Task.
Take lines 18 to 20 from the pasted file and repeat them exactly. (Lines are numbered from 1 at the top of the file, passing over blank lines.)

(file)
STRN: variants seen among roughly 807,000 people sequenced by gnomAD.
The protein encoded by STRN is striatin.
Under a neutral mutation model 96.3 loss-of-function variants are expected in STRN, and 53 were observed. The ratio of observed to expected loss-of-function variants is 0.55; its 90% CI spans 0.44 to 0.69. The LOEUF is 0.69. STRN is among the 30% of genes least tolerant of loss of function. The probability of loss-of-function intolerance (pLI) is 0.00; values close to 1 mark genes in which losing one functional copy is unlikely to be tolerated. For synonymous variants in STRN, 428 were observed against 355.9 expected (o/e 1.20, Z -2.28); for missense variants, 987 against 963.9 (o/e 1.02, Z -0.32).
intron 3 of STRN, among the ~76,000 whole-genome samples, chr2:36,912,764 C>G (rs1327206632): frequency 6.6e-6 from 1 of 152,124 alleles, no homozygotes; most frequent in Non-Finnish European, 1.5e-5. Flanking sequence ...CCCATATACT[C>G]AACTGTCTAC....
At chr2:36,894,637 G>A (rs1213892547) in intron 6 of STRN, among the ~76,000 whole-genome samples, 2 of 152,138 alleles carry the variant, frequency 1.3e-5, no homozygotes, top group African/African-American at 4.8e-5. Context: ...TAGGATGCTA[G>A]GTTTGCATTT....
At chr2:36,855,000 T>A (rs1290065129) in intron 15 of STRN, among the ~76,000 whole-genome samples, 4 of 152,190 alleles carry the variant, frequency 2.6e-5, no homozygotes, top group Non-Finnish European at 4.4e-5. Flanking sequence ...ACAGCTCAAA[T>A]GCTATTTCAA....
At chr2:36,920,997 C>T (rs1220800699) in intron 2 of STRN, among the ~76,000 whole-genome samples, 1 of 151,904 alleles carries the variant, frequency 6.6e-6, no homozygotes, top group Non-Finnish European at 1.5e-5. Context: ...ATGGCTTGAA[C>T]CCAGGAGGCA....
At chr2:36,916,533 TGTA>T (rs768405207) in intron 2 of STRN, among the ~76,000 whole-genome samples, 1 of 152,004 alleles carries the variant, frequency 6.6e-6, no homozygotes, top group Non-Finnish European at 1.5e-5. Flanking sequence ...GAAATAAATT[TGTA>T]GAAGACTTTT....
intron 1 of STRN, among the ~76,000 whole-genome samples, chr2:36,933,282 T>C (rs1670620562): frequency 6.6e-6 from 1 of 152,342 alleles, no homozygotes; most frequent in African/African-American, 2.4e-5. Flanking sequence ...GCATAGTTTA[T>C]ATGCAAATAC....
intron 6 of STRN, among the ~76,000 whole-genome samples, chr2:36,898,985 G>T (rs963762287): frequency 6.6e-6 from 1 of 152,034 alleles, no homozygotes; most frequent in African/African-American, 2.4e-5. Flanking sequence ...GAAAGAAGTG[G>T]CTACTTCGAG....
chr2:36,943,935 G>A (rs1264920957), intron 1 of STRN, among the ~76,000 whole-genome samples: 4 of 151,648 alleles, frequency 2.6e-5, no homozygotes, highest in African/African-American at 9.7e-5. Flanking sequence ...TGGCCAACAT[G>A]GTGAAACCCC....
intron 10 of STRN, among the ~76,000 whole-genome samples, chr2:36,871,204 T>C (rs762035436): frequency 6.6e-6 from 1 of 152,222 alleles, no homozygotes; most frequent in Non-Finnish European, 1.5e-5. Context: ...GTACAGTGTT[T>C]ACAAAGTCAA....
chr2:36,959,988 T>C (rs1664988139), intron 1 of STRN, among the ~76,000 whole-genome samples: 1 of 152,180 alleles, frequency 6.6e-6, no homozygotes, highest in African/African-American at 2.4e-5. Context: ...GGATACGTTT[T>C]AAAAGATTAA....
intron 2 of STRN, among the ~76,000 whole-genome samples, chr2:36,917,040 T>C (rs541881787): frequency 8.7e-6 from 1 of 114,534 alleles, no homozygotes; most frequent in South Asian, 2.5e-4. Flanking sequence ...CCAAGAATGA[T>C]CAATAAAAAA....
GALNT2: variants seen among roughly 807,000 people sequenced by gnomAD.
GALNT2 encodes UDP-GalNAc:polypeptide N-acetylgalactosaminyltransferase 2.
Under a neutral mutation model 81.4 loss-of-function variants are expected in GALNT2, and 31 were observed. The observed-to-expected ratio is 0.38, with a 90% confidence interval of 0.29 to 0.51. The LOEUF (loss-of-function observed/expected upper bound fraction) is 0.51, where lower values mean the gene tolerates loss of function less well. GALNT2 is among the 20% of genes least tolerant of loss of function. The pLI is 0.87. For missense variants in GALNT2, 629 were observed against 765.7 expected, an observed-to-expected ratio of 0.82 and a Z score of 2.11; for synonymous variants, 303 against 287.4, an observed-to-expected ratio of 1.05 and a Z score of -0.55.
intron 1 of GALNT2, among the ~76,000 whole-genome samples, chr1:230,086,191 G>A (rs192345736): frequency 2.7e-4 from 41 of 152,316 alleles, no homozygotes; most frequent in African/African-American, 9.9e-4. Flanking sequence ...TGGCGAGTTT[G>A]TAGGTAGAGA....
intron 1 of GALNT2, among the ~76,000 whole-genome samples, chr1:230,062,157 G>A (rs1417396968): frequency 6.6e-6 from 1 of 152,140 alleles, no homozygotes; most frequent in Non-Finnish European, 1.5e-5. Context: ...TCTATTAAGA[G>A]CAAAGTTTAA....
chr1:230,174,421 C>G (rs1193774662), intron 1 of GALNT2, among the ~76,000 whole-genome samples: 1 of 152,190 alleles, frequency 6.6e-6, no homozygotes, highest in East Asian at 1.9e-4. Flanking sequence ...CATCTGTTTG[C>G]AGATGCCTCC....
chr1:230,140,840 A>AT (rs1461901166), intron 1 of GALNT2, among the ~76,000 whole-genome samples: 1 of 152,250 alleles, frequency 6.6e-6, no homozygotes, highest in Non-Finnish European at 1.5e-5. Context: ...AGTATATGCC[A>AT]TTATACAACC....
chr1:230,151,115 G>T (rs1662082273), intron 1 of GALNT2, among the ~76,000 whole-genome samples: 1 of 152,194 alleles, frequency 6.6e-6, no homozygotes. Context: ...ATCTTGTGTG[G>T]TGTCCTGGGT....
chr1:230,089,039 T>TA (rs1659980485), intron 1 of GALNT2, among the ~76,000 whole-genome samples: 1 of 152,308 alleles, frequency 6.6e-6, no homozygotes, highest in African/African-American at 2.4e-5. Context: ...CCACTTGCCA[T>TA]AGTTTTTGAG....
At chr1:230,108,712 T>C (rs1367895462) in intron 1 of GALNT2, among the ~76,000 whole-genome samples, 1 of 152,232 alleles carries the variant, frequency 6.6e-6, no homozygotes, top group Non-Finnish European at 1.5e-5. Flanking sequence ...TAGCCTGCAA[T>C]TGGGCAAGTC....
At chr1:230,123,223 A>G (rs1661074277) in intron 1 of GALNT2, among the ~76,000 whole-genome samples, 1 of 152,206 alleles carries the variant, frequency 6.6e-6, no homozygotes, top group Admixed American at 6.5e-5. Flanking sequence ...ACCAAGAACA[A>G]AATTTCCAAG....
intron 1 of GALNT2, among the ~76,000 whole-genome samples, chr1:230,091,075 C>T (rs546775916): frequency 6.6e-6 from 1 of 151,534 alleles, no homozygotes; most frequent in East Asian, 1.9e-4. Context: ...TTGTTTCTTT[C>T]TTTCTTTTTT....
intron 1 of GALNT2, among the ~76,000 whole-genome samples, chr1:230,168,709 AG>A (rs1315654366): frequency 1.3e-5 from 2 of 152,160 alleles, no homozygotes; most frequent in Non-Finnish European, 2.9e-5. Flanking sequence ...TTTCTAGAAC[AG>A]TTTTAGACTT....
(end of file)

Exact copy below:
intron 1 of GALNT2, among the ~76,000 whole-genome samples, chr1:230,086,191 G>A (rs192345736): frequency 2.7e-4 from 41 of 152,316 alleles, no homozygotes; most frequent in African/African-American, 9.9e-4. Flanking sequence ...TGGCGAGTTT[G>A]TAGGTAGAGA....
intron 1 of GALNT2, among the ~76,000 whole-genome samples, chr1:230,062,157 G>A (rs1417396968): frequency 6.6e-6 from 1 of 152,140 alleles, no homozygotes; most frequent in Non-Finnish European, 1.5e-5. Context: ...TCTATTAAGA[G>A]CAAAGTTTAA....
chr1:230,174,421 C>G (rs1193774662), intron 1 of GALNT2, among the ~76,000 whole-genome samples: 1 of 152,190 alleles, frequency 6.6e-6, no homozygotes, highest in East Asian at 1.9e-4. Flanking sequence ...CATCTGTTTG[C>G]AGATGCCTCC....